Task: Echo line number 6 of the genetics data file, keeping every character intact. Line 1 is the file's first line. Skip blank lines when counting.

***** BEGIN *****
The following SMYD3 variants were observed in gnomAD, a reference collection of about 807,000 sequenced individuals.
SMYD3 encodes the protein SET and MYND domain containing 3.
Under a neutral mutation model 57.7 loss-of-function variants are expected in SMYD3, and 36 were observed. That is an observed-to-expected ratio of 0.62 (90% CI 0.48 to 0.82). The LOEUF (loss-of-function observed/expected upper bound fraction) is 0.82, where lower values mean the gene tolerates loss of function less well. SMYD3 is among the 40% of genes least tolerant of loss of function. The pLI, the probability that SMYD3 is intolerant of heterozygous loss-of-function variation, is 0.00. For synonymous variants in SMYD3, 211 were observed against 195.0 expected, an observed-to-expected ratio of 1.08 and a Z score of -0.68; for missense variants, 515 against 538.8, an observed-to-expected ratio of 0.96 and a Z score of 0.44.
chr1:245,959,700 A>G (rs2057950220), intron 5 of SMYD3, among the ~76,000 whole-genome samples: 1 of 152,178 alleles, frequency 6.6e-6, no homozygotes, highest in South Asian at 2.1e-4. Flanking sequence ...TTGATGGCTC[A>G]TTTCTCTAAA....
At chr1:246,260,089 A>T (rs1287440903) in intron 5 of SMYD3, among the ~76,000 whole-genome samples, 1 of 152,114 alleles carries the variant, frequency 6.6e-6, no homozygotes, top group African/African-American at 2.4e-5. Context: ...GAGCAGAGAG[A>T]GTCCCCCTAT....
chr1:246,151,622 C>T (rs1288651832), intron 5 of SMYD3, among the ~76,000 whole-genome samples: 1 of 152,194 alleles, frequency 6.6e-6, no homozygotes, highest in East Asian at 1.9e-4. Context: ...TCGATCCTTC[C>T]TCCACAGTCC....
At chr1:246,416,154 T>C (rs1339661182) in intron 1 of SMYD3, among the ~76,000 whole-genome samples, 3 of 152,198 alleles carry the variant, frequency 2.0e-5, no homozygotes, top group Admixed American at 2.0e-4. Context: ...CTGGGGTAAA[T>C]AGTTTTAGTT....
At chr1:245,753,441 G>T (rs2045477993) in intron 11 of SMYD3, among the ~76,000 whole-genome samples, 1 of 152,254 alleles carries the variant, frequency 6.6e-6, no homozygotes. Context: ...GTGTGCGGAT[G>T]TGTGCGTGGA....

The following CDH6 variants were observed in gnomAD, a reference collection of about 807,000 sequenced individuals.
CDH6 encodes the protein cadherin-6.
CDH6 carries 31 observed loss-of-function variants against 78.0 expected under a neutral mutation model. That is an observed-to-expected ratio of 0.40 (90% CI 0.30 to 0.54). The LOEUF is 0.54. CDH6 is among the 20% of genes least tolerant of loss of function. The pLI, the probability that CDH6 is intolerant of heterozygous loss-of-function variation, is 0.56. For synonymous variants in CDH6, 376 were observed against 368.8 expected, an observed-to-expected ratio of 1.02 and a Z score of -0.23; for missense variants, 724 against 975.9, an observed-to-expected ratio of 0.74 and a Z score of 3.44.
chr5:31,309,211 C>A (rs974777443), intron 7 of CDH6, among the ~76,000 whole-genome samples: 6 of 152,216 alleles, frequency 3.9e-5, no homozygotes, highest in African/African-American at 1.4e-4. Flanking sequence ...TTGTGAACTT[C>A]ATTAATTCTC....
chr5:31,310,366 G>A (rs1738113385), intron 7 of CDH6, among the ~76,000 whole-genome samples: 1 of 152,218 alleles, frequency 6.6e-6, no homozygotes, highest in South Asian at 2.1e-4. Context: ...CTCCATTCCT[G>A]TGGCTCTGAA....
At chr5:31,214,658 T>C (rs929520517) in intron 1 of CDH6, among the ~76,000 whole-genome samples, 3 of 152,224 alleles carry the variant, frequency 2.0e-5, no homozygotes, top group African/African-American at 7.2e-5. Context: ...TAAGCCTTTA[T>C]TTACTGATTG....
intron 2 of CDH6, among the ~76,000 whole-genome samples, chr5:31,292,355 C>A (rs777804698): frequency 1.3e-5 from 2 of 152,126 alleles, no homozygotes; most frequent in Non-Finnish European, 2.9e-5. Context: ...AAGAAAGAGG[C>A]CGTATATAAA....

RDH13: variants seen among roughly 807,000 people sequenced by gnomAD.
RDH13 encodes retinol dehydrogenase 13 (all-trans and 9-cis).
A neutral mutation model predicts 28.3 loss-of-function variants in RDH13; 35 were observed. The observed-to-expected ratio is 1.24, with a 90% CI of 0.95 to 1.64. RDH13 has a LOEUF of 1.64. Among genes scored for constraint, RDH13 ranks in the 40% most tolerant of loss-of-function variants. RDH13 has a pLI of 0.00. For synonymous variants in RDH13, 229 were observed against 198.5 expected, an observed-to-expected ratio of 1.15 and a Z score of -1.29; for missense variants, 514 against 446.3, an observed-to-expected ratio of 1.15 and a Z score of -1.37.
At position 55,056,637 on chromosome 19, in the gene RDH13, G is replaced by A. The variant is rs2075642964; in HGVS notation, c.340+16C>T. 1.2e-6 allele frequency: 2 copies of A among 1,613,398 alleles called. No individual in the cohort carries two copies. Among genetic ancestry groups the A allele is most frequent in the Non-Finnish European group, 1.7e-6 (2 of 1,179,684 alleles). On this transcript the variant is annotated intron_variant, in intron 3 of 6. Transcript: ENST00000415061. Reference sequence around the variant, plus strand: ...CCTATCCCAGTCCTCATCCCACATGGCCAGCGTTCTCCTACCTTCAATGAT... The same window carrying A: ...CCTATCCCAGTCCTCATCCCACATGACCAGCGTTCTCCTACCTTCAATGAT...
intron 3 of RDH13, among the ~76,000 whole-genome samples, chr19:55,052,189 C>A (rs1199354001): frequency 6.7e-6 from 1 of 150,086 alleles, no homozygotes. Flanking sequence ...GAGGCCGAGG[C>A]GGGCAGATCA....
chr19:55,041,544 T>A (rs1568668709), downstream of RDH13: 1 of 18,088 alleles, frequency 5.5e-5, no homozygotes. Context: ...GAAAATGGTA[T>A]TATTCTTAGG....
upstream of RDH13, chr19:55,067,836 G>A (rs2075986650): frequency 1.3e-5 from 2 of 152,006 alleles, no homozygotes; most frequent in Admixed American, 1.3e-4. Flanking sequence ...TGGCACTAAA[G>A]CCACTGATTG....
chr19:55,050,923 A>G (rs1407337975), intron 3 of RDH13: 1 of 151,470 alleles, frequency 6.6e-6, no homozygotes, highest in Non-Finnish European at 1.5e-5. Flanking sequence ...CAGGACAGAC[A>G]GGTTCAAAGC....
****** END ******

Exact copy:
chr1:246,151,622 C>T (rs1288651832), intron 5 of SMYD3, among the ~76,000 whole-genome samples: 1 of 152,194 alleles, frequency 6.6e-6, no homozygotes, highest in East Asian at 1.9e-4. Context: ...TCGATCCTTC[C>T]TCCACAGTCC....